Worker Adjustment to Economic Shocks

Paper Session

Saturday, Jan. 7, 2017 2:30 PM – 4:30 PM

Swissotel Chicago, Zurich E
Hosted By: American Economic Association
  • Chair: Steffen Mueller, Halle Institute for Economic Research

Industry Mix, Local Labor Markets, and the Incidence of Trade Shocks

Steffen Mueller
,
Halle Institute for Economic Research
Jens Stegmaier
,
IAB Nuremberg
Moises Yi
,
University of California-Berkeley

Abstract

We analyze the roles that skill transferability and the local industry mix have on the adjustment costs of workers affected by a negative trade shock. Using rich administrative data from Germany, we construct novel measures of economic distance between sectors based on the notion of skill transferability. We combine these distance measures with sectoral employment shares in German regions to construct an index of labor market flexibility. This index captures the degree to which workers from a particular industry will be able to reallocate into other jobs. We then study the role of labor market flexibility on the effect of import shocks on the earnings and the employment outcomes of German manufacturing workers. Among workers living in inflexible labor markets, the difference between a worker at the 75th percentile of industry import exposure and one at the 25th percentile of exposure amounts to an earnings loss ranging from 9 to 12% of initial annual income (over a 10 year period). The earning losses of workers living in flexible regions are much smaller (3.5 to 4%). These findings are robust to controlling for a wide array of region level characteristics, including region size and overall employment growth. Taken together, our findings indicate that the industry composition of local labor markets plays an important role on the adjustment processes of workers.

Adjusting to Globalization - Evidence From Worker-Establishment Matches in Germany

Wolfgang Dauth
,
University of Wuerzburg and Institute for Employment Research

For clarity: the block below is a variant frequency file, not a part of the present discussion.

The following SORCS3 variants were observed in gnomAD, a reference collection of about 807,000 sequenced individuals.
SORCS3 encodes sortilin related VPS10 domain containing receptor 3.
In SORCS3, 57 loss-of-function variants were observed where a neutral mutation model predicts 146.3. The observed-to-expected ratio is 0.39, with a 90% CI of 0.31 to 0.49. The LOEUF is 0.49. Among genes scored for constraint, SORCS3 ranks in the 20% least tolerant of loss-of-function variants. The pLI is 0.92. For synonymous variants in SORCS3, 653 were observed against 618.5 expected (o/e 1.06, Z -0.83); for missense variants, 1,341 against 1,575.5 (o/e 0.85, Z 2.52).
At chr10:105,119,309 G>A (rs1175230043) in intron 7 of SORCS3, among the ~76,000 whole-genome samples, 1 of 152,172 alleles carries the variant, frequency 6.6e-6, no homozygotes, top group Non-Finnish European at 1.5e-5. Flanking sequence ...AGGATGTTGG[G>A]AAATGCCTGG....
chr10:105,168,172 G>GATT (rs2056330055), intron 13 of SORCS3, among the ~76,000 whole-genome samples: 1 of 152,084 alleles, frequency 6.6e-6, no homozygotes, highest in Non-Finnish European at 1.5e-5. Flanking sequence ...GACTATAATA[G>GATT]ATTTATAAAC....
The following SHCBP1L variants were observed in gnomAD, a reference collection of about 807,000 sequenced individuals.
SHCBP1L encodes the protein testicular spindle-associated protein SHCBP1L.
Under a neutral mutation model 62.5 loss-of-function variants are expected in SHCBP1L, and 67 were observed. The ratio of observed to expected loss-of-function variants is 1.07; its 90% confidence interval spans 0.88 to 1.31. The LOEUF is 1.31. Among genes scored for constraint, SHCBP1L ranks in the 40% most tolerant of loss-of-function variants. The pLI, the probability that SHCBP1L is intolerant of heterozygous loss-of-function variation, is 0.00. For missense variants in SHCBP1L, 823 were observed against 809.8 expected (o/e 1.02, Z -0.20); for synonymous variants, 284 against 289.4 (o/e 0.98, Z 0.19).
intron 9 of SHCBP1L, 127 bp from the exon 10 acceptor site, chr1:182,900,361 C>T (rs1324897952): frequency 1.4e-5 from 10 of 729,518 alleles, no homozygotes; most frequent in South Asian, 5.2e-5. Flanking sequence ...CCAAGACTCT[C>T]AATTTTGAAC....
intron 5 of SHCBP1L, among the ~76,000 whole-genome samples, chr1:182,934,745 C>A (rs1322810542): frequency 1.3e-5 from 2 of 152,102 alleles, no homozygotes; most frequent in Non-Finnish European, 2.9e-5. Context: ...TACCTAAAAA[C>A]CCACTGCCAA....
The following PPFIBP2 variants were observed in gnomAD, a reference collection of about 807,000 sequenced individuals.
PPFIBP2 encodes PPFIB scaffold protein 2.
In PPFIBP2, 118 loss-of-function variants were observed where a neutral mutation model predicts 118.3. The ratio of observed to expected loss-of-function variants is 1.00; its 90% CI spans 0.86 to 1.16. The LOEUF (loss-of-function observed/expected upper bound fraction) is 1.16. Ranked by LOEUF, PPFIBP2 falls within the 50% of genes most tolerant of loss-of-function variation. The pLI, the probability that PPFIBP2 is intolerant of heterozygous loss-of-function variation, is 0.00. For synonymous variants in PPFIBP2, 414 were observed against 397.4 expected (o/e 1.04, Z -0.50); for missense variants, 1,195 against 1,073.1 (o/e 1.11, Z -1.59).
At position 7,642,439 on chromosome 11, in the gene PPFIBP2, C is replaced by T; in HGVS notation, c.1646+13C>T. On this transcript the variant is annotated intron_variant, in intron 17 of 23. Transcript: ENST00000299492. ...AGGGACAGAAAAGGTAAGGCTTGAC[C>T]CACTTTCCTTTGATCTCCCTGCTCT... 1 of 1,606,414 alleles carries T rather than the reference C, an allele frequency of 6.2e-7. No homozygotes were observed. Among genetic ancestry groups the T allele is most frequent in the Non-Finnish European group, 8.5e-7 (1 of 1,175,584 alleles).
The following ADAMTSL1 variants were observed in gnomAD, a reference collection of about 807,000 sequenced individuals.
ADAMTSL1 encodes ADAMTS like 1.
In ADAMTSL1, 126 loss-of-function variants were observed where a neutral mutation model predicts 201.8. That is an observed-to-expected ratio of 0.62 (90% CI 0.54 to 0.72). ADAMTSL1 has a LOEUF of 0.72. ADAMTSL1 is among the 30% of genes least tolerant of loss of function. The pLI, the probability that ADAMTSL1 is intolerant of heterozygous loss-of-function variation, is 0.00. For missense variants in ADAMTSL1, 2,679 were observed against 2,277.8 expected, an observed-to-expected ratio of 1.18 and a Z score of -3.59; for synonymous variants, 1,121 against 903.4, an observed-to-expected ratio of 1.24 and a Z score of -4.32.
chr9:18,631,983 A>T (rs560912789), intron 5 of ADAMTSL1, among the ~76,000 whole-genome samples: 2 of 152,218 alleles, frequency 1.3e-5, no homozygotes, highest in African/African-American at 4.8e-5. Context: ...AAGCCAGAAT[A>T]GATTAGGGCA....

Sebastian Findeisen
,
University of Mannheim and CEPR
Jens Suedekum
,
University of Duesseldorf and Center for Economic and Policy Research

Abstract

We exploit rich worker-establishment data to trace the impact of rising international trade exposure in the job biographies of roughly 1.2 million manufacturing workers in Germany (1990-2010). Import penetration has substantial “push effects”: It reduces earnings, and induces workers to leave the exposed industries. The industry movers typically perform worse than comparable stayers who keep their initial jobs, but this is different for highly able workers who benefit from mobility ex post. Export opportunities, by contrast, have only little “pull effects”. Earnings gains arise within job spells, or through intra-industry reallocations, but there is little evidence for sorting into those industries.

The Costs of Job Displacement Over the Business Cycle and Its Sources: Evidence from Germany

Jorg Heining
,
IAB Nuremberg
Johannes F. Schmieder
,
Boston University
Till M. von Wachter
,
University of California-Los Angeles

Abstract

We document the costs of job loss to displaced workers over the business cycle and its sources using administrative data from Germany. Losses in annual earnings in Germany after displacement are large, persistent, and highly cyclical, nearly doubling in size during economic downturns. We show that part of these losses and their cyclicality is driven by unemployment. As a result, unemployment insurance (UI) plays an important role in buffering the effect of job displacements, especially in recessions. However, the longer-tem earnings losses we find are mainly driven by declines in wages, and hence UI benefits do little to offset life-time losses in earnings. Our findings results suggest that an important factor behind the long-lasting declines in wages and the cyclicality of wage losses at job displacement are changes in employer characteristics. Workers switch to smaller paying firms after job displacement, in particular in recessions.
Discussant(s)
David Dorn
,
University of Zurich
Cristina Tello-Trillo
,
U.S. Census Bureau
Steffen Mueller
,
Halle Institute for Economic Research
JEL Classifications
  • F6 - Economic Impacts of Globalization
  • J6 - Mobility, Unemployment, Vacancies, and Immigrant Workers